This post, on networking and collaboration, is part two of a three-part series that discusses the role of innovative funding in our current climate.
Community organisations are often so focused on the problems they are trying to address and so under-resourced that most, if not all of their energy goes into the day to day struggles to keep the wheels turning. Putting systems and processes in place that enables them to meet funders’ and donors’ requirements can be difficult, and are not always at the top of their agenda. Not prioritising putting systems and processes in place is not necessarily because of lack of interest in being accountable – it could be a simple matter not having the resources, and having to prioritise immediate service delivery.
The time for networking and collaboration
This creates a dilemma. Often, organisations that are closest to the biggest needs, are those who battle to get funding. The extent of their work and the lengths to which they go to serve communities with minimal resources often go unnoticed. Just as there is no time for putting governance systems in place, there is no time for polishing the marble and communicating what they do and what they achieve through their work. They just get down and dirty and do what is needed.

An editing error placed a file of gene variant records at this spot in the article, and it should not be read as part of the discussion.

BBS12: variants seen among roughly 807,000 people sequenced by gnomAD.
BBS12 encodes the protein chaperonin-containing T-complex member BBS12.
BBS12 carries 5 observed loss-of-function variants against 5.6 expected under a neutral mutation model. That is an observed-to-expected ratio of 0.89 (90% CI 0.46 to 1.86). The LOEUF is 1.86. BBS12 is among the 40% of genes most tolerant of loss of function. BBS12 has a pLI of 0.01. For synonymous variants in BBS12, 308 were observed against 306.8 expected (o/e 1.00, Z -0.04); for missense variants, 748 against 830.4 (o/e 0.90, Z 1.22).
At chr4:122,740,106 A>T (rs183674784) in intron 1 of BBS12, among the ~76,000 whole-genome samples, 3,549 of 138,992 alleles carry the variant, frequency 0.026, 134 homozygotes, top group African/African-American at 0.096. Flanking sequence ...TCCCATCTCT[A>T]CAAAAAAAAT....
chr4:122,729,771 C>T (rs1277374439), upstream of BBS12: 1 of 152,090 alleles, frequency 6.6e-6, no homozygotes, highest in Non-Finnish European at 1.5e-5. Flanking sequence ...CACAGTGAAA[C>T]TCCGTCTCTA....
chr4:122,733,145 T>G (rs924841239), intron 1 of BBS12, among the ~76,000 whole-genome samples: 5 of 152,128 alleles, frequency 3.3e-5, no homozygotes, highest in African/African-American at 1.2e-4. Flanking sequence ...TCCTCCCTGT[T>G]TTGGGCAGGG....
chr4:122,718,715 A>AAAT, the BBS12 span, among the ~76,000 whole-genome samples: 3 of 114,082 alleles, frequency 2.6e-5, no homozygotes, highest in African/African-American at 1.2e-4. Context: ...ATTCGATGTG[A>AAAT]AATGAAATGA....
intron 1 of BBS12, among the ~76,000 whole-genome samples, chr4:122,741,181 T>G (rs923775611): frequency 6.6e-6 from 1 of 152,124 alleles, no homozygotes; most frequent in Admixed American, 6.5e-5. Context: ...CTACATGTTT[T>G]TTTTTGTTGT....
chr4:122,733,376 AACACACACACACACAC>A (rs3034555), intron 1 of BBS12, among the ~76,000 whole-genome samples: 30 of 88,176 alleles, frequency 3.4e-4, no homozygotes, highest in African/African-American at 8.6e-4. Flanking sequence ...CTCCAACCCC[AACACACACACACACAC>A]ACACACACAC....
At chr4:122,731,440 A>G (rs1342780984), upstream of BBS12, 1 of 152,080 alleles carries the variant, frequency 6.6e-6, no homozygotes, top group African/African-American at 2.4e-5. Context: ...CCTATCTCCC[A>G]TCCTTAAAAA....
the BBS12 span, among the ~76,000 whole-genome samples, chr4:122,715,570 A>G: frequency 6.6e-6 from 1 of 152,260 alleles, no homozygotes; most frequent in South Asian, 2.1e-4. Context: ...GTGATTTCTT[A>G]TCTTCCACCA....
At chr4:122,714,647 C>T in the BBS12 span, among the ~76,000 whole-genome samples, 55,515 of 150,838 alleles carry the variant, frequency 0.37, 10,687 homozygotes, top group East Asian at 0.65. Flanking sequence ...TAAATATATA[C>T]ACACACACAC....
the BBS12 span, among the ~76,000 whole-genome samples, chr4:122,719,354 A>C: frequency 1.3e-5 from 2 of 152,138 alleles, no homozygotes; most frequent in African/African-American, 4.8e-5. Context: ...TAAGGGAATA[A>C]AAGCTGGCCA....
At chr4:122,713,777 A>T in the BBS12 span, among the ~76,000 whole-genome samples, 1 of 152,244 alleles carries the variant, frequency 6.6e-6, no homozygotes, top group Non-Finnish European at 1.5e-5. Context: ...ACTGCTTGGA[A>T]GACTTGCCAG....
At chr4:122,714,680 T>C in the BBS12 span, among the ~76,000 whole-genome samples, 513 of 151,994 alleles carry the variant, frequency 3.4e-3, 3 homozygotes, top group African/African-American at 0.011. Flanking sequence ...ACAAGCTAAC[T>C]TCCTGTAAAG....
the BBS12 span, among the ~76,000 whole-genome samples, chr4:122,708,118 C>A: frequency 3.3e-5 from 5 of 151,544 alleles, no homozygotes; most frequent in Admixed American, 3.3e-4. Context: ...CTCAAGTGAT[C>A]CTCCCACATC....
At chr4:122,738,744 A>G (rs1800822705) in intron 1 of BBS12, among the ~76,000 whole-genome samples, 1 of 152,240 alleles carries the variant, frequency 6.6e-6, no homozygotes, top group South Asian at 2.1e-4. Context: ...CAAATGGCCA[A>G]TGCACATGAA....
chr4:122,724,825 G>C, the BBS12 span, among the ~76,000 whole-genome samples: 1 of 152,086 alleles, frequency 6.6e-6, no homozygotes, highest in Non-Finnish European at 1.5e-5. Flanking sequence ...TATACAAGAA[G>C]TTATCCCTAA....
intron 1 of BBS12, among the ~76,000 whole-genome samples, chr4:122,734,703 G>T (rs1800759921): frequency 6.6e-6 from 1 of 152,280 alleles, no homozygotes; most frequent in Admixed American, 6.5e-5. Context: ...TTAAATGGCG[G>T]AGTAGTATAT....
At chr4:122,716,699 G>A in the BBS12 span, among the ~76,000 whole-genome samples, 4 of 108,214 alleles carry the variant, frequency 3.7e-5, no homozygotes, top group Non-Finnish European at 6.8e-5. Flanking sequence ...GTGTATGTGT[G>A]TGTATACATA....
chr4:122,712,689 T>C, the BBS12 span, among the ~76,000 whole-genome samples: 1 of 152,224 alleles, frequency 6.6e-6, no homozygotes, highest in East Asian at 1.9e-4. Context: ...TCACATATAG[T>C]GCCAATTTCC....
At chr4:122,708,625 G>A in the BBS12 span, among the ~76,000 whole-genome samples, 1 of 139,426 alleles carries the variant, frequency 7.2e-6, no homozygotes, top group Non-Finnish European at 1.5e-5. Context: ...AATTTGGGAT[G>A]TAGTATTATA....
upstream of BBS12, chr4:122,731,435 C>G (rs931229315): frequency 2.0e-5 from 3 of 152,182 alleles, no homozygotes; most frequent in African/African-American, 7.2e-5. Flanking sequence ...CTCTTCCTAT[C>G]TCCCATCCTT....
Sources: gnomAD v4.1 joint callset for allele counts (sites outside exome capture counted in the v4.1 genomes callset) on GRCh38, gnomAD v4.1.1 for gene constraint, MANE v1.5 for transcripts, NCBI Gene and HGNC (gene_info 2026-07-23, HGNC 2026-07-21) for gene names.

This phenomenon of informal grassroots organisations that do much-needed work with limited resources unearths two important issues: Firstly, it shows that communities have valuable assets, which are actually used in service of communities; and secondly, informality may have its challenges, but also brings advantages to the table.
Development planning, by nature, focuses on problems. The international development sector tends to work from a problem-perspective: there are problems in the world, and problems have to be solved. There may even be the notion that those to whom these problems “belong” are not able to solve them and that “clever people from outside” are needed to “fix what is wrong”. Most of us are familiar with problem tree analysis, and how that feeds into development planning.
The problem-solving approach represents a certain way of looking at, and engaging with the world, and specifically with the developing world. It may have undercurrents of “us” and “them”; it can be based on assumptions of “how things should be – what the ideal is”, without knowing what the ideal situation looks like from the perspective of communities; and it can, albeit unintentionally, promote a view that communities that need help have no usable assets at all – resources from the outside are what is needed to “solve the problem”.